Mammal community response to landscape modification
Ecological communities are largely shaped by their environment. With ongoing industrial development in Alberta's mountains and boreal forests, understanding the mechanisms through which mammal species respond to landscape change is critical. I use motion-triggered camera traps and spatial analyses to relate mammal distributions to landscape characteristics, aiming to advance ecological theory and enable more effective conservation measures.
I am currently investigating determinants of fine-scale mammal species richness. Knowing that environments help shape mammal communities, which environmental factors best explain spatial variation in species richness at the smallest scales? This project is a tale of competing hypotheses that builds upon fundamental species–environment questions.
Hummingbird flower mite taxonomy and host affiliations
Hummingbird flower mites (Acari: Mesostigmata) occupy hummingbird-pollinated plants through the New World and disperse between individual host plants on hummingbird bills. I collaborated with Jill Jankowski's lab group to identify mites collected from several hummingbird species in the Manú Biosphere Reserve of Peru, a biodiversity hotspot. This led to the description of new species and hummingbird host affiliations, and community-level comparisons between different geographic regions of the Andes.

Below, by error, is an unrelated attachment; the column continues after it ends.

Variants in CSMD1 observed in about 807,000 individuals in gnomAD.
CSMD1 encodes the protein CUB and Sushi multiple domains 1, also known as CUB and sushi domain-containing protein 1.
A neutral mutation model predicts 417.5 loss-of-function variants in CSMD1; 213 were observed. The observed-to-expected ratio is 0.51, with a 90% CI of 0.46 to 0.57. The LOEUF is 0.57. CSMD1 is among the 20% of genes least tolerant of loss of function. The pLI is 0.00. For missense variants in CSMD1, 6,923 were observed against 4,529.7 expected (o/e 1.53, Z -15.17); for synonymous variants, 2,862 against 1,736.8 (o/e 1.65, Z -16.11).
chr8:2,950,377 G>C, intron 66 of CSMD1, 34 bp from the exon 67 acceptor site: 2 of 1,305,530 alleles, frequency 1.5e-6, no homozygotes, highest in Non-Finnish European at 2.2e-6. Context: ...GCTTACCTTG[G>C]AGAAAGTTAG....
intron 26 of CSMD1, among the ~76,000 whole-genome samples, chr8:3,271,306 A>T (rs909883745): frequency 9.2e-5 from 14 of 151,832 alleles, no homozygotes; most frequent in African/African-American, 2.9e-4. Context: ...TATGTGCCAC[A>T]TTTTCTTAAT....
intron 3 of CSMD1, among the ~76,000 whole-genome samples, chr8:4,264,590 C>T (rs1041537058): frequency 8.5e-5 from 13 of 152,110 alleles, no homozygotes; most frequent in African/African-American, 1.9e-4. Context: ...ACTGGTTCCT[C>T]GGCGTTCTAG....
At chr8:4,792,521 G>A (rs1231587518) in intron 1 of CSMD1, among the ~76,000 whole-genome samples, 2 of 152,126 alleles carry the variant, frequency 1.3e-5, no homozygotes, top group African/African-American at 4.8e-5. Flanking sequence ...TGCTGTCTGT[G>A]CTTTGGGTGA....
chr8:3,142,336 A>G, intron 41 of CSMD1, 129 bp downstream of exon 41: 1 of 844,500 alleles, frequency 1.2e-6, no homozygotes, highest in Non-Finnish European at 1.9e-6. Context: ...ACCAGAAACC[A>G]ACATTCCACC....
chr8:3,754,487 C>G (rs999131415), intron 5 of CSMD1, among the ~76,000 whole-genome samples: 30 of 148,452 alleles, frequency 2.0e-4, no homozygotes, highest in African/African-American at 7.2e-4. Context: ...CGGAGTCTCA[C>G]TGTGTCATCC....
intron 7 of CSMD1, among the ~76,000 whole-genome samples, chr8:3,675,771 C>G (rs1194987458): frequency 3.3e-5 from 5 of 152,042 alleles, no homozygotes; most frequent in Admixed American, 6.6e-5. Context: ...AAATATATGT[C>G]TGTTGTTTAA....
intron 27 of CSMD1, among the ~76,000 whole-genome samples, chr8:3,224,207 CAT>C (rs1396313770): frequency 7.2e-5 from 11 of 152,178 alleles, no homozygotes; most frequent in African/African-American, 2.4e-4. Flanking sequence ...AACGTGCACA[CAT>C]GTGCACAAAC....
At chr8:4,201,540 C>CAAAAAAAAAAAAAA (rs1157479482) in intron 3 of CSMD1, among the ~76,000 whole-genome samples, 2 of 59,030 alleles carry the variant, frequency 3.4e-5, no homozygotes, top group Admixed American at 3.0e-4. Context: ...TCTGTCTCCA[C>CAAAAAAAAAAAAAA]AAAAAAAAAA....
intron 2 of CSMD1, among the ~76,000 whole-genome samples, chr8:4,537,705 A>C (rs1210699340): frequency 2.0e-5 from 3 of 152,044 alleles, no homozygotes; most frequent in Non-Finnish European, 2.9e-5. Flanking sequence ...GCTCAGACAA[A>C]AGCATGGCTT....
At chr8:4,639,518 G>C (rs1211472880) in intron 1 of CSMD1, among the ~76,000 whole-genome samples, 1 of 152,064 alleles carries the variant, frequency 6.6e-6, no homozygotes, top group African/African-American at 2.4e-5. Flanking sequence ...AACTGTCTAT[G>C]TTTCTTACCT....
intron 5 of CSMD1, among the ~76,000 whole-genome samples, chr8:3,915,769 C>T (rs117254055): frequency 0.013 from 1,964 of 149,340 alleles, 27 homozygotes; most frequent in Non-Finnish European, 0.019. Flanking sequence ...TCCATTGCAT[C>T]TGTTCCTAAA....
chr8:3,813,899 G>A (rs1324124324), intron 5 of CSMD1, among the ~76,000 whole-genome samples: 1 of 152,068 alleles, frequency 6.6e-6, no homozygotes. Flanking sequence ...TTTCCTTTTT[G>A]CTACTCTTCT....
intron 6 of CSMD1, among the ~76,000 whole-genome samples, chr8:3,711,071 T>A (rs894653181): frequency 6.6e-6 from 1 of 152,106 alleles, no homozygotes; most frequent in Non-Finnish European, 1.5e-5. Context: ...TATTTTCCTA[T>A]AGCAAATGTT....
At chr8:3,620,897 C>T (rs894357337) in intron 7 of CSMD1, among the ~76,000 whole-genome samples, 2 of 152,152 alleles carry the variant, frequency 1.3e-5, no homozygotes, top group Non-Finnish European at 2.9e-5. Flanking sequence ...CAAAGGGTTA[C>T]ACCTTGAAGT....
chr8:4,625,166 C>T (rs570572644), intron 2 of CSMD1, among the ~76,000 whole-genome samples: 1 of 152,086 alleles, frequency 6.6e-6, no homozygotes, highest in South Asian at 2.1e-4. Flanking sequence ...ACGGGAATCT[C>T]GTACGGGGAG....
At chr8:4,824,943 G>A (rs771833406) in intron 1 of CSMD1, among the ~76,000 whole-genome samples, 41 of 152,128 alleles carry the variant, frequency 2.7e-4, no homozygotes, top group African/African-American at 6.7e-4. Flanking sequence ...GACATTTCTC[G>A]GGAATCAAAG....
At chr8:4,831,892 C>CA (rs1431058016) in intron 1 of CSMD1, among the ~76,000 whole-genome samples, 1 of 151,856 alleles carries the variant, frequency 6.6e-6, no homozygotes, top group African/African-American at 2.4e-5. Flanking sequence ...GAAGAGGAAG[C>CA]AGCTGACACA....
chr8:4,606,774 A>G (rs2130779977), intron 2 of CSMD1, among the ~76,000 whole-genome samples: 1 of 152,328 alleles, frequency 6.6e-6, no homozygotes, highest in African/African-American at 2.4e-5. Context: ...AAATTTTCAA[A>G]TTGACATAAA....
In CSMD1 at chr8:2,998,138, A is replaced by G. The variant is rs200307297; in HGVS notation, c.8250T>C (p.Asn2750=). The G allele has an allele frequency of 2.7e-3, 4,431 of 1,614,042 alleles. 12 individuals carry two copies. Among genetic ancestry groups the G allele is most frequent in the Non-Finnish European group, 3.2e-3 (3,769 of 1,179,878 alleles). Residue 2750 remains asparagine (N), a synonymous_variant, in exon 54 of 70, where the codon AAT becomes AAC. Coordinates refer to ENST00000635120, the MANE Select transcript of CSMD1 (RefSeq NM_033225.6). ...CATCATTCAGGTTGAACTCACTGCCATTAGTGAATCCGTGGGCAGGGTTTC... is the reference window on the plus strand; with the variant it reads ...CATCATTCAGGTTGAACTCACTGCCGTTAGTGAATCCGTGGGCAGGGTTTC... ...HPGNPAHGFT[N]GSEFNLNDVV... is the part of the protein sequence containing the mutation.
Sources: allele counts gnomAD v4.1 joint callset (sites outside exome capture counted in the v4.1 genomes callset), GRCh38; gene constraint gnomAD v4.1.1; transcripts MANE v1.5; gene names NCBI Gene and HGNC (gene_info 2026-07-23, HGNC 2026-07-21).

Hybridization in grasses and the use of decision trees in taxonomy
Species hybridization is best studied from both molecular and morphometric perspectives. With Quentin Cronk, I tested whether a putative new hybrid in Melica (Poaceae) was intermediate in its morphology between the two parent species. In doing so, I developed an approach to test for hybrid intermediacy using machine learning, and mapped parents and hybrids to examine the distribution of hybridizing species at a local scale.